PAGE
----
The tectonic plates are beginning to shift.
Subscribers to Altice USA Inc.'s (ATUS) - Get Altice USA, Inc. Class A Report Optimum cable TV service could be hit with a blackout of Walt Disney Co. (DIS) - Get Walt Disney Company Report channels, including ESPN, if the two sides cannot forge a new programming agreement by the close of Sunday, Oct. 1, when an existing contract ends, according to a source close to the matter.
If Disney decides to withdraw its channels from Optimum cable-TV service, the blackout would affect about 3.1 million subscribers in the three-state state New York metropolitan area. Though Altice USA was created following its French owners' acquisition last year of Cablevision Systems Corp. and Suddenlink Communications Inc., these contract talks only effect former Cablevision subscribers. Altice's total footprint reaches 4.9 million subscribers in 21 states.
While the blackout wouldn't be national, the impact would ripple throughout a media industry in the midst of historic change fueled by the march of consumers and advertisers to digital platforms, and away from traditional pay-TV. Both Disney and Altice declined to comment on the talks.
ESPN, of course, is exhibit No. 1. Disney charges pay-TV operators such as Altice about $7.86 per subscriber to carry the network, according to SNL Kagan; the next most expensive cable network is Time Warner Inc.'s (TWX) TNT at $2.09. The major network broadcasters charge pay-TV providers retransmission fees that vary in price and region but hover near the level of TNT, yet far short of ESPN.
Disney is demanding that Altice pay higher fees for both ESPN and ABC despite the accelerating decline in pay-TV subscribers. ESPN's subscriber base has fallen to around 87 million nationally from a peak of more than 100 million in 2011, according to Nielsen NV. ESPN also suffered the second-worst season for its flagship "Monday Night Football" during the 2016 season as ratings declined across the league.
Altice contends that its viewers are spending less time watching ESPN on cable TV than they have in the past. Additionally, it has balked at Disney's demands that it include two college sports networks that aren't part of Optimum's baseline package. The request is viewed by Altice as particularly galling given that the SEC Network and the ACC Network broadcast games from colleges in the South, far from the bulk of its customers in New York.
But price isn't the only factor fueling the standoff. It's really about flexibility.
If actions do speak louder than words, Comcast Corp.'s (CMCSA) - Get Comcast Corporation Class A Report announcement this week that it will offer a streaming skinny bundle that doesn't include ESPN starkly illustrates where the industry is headed. Comcast's Xfinity Instant TV streaming service starts at $18 per month and includes the major broadcasters -- its own NBC as well as ABC, CBS, Fox and the CW plus channels such as C-Span, QVC and HSN. Conspicuously absent are everything from ESPN and CNN to Fox News, CNBC and MSNBC. For those, you have to pay extra.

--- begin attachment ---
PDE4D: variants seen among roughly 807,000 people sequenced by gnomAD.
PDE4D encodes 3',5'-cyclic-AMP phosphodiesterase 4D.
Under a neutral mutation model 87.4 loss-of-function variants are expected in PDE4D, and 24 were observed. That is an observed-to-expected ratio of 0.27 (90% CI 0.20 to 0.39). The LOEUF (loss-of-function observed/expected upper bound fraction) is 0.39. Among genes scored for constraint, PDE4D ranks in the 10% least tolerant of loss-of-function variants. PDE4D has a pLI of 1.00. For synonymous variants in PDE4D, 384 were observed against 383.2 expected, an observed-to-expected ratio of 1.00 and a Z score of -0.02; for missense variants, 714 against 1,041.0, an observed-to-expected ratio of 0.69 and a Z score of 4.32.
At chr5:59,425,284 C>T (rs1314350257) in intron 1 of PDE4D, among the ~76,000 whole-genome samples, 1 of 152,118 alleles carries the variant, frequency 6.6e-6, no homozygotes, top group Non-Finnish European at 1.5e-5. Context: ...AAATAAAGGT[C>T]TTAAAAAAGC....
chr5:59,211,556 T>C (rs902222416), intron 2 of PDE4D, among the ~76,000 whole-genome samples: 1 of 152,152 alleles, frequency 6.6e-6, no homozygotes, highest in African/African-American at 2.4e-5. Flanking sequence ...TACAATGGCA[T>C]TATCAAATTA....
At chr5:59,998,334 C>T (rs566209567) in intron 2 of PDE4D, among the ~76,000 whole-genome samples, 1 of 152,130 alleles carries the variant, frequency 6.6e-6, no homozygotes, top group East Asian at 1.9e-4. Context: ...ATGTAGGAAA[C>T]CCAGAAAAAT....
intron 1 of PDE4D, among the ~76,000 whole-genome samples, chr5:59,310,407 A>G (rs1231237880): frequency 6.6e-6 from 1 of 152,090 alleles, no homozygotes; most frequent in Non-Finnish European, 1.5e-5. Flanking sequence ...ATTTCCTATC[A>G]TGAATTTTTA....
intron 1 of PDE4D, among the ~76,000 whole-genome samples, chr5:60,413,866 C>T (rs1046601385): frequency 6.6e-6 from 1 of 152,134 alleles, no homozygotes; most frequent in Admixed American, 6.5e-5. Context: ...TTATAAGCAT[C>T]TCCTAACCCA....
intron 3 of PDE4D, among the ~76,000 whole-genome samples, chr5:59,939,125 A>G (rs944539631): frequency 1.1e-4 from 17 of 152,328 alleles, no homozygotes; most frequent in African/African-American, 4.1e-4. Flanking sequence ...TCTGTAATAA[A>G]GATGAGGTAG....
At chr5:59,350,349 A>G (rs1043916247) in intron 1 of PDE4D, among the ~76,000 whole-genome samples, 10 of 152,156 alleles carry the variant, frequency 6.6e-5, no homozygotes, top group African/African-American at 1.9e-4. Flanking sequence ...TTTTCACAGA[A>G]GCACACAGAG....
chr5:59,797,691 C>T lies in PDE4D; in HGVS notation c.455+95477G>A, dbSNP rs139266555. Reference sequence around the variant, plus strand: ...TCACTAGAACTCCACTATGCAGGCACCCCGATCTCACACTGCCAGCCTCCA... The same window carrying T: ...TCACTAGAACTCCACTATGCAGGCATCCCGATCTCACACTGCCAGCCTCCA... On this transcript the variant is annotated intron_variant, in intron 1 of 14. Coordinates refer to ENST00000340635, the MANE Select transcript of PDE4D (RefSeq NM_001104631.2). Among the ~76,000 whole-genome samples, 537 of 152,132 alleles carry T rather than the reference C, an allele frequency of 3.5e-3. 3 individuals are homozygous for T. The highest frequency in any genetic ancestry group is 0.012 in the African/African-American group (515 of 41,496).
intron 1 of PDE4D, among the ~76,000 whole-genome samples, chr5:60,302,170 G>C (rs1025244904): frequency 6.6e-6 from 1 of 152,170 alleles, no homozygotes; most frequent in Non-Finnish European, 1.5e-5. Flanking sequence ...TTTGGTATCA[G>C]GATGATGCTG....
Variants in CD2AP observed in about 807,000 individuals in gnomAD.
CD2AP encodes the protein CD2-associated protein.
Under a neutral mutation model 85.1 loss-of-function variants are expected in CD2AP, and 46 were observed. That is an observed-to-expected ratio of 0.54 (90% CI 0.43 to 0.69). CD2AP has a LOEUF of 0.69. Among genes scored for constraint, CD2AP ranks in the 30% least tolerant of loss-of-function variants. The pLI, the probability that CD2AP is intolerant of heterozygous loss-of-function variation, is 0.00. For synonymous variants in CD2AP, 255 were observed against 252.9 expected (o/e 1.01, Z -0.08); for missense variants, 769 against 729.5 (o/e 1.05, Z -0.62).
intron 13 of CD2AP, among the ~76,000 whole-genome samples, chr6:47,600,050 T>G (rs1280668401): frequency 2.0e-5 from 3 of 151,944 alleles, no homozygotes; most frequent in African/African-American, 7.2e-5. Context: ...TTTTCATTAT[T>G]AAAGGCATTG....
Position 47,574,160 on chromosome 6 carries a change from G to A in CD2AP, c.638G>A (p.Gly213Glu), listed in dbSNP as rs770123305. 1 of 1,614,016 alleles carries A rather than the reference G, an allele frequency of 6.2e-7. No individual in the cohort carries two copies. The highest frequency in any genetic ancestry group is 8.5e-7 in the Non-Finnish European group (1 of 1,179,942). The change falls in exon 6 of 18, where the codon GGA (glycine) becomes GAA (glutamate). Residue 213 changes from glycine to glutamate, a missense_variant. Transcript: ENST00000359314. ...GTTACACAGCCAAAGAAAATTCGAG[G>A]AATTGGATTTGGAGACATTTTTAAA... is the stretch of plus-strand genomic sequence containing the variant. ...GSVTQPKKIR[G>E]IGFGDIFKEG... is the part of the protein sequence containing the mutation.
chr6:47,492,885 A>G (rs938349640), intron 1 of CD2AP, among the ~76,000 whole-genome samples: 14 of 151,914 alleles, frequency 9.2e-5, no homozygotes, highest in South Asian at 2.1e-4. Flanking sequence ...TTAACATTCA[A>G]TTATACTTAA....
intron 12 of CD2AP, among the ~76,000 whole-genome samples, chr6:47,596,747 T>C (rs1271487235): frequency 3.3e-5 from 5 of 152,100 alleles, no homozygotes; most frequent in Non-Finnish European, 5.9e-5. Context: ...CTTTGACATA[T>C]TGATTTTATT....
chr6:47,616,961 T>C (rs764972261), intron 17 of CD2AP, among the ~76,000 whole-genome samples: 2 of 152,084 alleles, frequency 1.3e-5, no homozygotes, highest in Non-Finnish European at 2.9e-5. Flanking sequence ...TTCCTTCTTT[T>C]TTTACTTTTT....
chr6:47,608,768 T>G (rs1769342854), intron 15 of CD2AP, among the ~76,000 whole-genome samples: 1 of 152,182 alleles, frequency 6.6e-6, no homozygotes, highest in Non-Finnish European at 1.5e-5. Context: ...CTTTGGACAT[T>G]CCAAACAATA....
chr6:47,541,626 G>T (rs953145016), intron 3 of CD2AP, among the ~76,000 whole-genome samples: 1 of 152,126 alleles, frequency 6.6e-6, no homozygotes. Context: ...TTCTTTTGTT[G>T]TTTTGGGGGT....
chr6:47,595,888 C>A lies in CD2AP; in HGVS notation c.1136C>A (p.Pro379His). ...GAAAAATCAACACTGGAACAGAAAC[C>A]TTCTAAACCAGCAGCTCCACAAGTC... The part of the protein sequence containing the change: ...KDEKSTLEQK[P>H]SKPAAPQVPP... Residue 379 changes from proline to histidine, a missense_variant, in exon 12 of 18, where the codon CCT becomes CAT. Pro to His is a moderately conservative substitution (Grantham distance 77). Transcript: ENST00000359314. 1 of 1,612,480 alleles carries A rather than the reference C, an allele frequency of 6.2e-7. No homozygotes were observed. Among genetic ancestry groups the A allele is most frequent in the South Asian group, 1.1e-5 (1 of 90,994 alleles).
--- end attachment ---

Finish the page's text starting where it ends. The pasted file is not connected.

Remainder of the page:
To be sure, Comcast's skinny bundle, available to its broadband subscribers, isn't for everyone. But that's just the point. Its comparative low price might just be perfect for someone who wants an easy way to watch the major broadcast networks as an addition to whatever else they like to watch: Netflix (NFLX) - Get Netflix, Inc. (NFLX) Report , Hulu, Alphabet Inc.'s (GOOGL) - Get Alphabet Inc. Class A Report YouTube or videos on Facebook (FB) - Get Facebook, Inc. Class A Report .
It's all about flexibility. And that's what Altice wants as well. To be strapped with a per-subscriber fee for ESPN above $8 only will limit Altice's ability to give the people what they might want. Importantly. Disney is demanding that ESPN remain a part of Altice's base subscriber package, limiting the pay-TV provider's ability to create skinnier bundles along the lines of Xfinity Instant TV.
For its part, Disney is insisting that it wants "fair, market-based agreements" with pay-TV providers, including Altice. CEO Bob Iger has made clear that despite increasing costs for sports rights, Disney is confident that it can extract higher fees from pay-TV operators.
"The ESPN brand is strong, and its array of sports rights is also deep and quite attractive, and so we have all the confidence in the world that as we enter our new cycle of extensions with the traditional distributors that we're in, we're well-positioned," Iger said earlier this month at an investor conference in New York. "We intend to drive a significant value in those negotiations."
Of course, the definition of "fair" and "market-based" may not be what they were five years ago when Altice predecessor Cablevision signed its current programming contract. That tension is at the root of the apparent impasse.
Disney, meanwhile, is putting pressure on Altice's subscribers by running crawl messages at the bottom of their TV screens warning of a blackout if their pay-TV provider doesn't agree to a new contract. Disney even has gone a step further by telling Optimum customers that they ought to consider getting ABC, ESPN, the Disney Channel and Freeform from digital pay-TV services such as DirecTV Now from AT&T Inc. (T) - Get AT&T Inc. Report or Sling TV from Dish Network Corp. (DISH) - Get DISH Network Corporation Class A Report .
In response, Altice sent messages to its subscribers arguing that Disney's demands will hike their cable bills even higher than they already are, explaining that it has refused to pay an "exorbitant fee for ESPN," a request it called "anti-consumer."
Ultimately, both sides say they just want what's best for the consumer. Customers will be waiting to see how the saga ends.
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